Is it similar to Jane Eyre? Undoubtedly. There are topics, themes and tropes to which Charlotte Bronte can not but seem to help but to return and which provide clear evidence of the degree to which she drew on her own life. Villette in particular is believed to be extremely autobiographical. Charlotte Bronte both attended and worked in a Belgium boarding school where she developed a relationship with the Professor of the school (the extent of this relationship is unknown. His family claimed it was entirely one sided on Bronte’s part). Back to the similarities with Jane Eyre; we have a friendless poor girl who must work as a governess or teacher to earn her living, both will discover long lost friends, both are somewhat down trodden, both cling firmly to their faith.
On the issue of religion, Villette is rather more forceful. Bronte is scathing of Catholicism, and many a battle is pitched over the religion of Lucy and the other characters. Nowadays many of it would be termed borderline sectarian. However it is very much of it’s time and no doubt to be expected of the daughter and later wife of clergymen. On the other hand the comments on the “foreignness” of many of the characters is rather sedate for the period. Victorian novels could often be very scathing and what we would now term racist about those who were not English. I find when reading classics, it is advisable not to be too sensitive to these matters however. They are the views of their time, nothing more.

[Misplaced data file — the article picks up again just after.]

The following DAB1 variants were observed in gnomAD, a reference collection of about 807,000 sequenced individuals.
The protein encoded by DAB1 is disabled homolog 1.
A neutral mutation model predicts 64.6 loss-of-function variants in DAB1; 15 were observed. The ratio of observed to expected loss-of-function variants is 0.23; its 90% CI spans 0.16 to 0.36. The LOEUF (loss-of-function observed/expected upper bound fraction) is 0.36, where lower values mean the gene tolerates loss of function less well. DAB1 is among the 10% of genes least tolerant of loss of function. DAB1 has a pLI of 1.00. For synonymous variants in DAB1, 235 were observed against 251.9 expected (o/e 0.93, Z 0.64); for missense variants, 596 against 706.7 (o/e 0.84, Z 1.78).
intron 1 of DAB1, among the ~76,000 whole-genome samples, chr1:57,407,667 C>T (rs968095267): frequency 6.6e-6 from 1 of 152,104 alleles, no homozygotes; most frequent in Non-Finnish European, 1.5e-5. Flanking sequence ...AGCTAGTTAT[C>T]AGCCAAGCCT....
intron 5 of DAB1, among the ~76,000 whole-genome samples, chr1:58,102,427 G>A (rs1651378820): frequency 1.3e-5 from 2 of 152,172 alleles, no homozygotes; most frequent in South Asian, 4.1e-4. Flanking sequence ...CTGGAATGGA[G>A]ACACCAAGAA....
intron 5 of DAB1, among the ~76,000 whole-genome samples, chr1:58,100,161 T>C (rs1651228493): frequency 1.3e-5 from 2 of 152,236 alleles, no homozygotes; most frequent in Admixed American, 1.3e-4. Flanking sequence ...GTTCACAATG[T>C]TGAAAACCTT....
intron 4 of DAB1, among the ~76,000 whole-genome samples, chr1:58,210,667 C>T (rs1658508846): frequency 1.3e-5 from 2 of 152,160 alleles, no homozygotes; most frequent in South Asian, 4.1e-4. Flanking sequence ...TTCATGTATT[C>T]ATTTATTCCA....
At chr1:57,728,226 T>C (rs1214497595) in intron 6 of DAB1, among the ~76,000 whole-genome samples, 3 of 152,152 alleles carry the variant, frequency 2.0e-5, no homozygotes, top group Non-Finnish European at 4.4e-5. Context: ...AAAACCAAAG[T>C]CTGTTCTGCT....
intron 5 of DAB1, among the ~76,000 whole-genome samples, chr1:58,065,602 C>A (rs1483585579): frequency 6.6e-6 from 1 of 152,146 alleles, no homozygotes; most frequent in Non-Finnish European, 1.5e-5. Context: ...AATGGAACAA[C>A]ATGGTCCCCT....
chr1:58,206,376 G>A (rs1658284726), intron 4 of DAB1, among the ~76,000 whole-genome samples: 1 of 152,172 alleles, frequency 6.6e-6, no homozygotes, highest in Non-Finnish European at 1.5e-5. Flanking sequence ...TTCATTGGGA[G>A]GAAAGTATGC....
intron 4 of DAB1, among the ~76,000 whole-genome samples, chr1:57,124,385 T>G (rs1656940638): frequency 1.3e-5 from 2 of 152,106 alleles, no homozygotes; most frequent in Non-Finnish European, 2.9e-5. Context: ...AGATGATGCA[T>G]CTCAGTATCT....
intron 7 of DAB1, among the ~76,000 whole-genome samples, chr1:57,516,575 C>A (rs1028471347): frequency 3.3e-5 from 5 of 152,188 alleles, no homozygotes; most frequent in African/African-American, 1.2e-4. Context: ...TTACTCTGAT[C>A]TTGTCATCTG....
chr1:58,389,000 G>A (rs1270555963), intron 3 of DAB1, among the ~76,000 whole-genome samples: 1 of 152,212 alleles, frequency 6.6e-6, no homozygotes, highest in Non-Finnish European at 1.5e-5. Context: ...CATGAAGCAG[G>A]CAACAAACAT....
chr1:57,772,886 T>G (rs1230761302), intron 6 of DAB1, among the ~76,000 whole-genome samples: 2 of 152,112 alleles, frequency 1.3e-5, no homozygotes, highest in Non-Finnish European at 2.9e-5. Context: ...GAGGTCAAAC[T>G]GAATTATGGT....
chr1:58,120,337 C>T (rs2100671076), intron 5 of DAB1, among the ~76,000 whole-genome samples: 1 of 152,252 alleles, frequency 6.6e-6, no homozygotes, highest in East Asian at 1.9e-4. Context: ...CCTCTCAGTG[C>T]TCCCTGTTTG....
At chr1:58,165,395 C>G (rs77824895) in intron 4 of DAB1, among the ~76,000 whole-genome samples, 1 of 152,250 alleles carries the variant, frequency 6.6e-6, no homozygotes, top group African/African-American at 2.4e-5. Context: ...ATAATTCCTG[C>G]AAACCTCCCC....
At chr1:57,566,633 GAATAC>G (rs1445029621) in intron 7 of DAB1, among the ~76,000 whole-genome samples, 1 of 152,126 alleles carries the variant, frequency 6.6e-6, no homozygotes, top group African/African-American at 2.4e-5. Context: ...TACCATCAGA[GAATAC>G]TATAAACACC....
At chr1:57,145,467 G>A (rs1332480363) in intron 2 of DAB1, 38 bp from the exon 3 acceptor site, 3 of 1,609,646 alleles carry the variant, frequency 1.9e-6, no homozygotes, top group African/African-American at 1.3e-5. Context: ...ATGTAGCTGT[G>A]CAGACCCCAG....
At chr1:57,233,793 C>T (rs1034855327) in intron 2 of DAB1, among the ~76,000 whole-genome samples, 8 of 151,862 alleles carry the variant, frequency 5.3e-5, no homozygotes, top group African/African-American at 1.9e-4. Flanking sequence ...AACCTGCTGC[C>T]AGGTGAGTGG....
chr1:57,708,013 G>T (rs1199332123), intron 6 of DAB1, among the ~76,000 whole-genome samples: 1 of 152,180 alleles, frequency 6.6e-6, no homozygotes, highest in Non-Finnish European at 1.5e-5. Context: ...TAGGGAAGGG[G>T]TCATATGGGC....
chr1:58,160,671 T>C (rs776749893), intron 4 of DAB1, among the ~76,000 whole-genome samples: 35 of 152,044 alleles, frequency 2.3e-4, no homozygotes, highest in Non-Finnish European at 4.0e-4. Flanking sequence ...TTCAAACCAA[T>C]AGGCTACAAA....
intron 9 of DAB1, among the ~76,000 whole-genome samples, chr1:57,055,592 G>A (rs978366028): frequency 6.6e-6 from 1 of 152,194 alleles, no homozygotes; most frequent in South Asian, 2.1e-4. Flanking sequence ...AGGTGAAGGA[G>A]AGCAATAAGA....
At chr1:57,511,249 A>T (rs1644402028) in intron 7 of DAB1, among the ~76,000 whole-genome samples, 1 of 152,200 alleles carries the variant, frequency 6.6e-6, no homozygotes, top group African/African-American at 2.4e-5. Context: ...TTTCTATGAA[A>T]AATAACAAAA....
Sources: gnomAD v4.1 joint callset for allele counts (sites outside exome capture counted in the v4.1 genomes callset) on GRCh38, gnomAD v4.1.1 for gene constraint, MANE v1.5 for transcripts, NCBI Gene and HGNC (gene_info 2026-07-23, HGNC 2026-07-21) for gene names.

It is a more sedate novel than Jane Eyre, more in the mold of her younger sister Anne. There is still a heavy dose of the Gothic and superstition to which both Charlotte and Emily seemed to be drawn. But it is also calmer and less passionate than either Jane Eyre or Wuthering Heights. There is no passionate avowal of love. No;
“Do you think I am an automaton? — a machine without feelings? and can bear to have my morsel of bread snatched from my lips, and my drop of living water dashed from my cup? Do you think, because I am poor, obscure, plain, and little, I am soulless and heartless? You think wrong! — I have as much soul as you — and full as much heart! And if God had gifted me with some beauty and much wealth, I should have made it as hard for you to leave me, as it is now for me to leave you. – Jane Eyre”
“Oh! you said you cared nothing for my sufferings! And I pray one prayer—I repeat it till my tongue stiffens—Catherine Earnshaw, may you not rest as long as I am living; you said I killed you—haunt me, then! The murdered do haunt their murderers, I believe. I know that ghosts have wandered on earth. Be with me always—take any form—drive me mad! only do not leave me in this abyss, where I cannot find you! Oh, God! it is unutterable! I cannot live without my life! I cannot live without my soul! – Wuthering Heights”
There is something of a demonstration towards the end but nothing which touches those passionate declarations.
It is undoubtedly an excellent book, and from what I have been lead to believe certainly far surpasses Charlotte’s other works (Shirley and The Professor). While I would recommend this novel to fans of Charlotte, or indeed any of the Bronte’s, I would not recommend it as a introduction to their work. Definitely more one for those who already love the Bronte’s.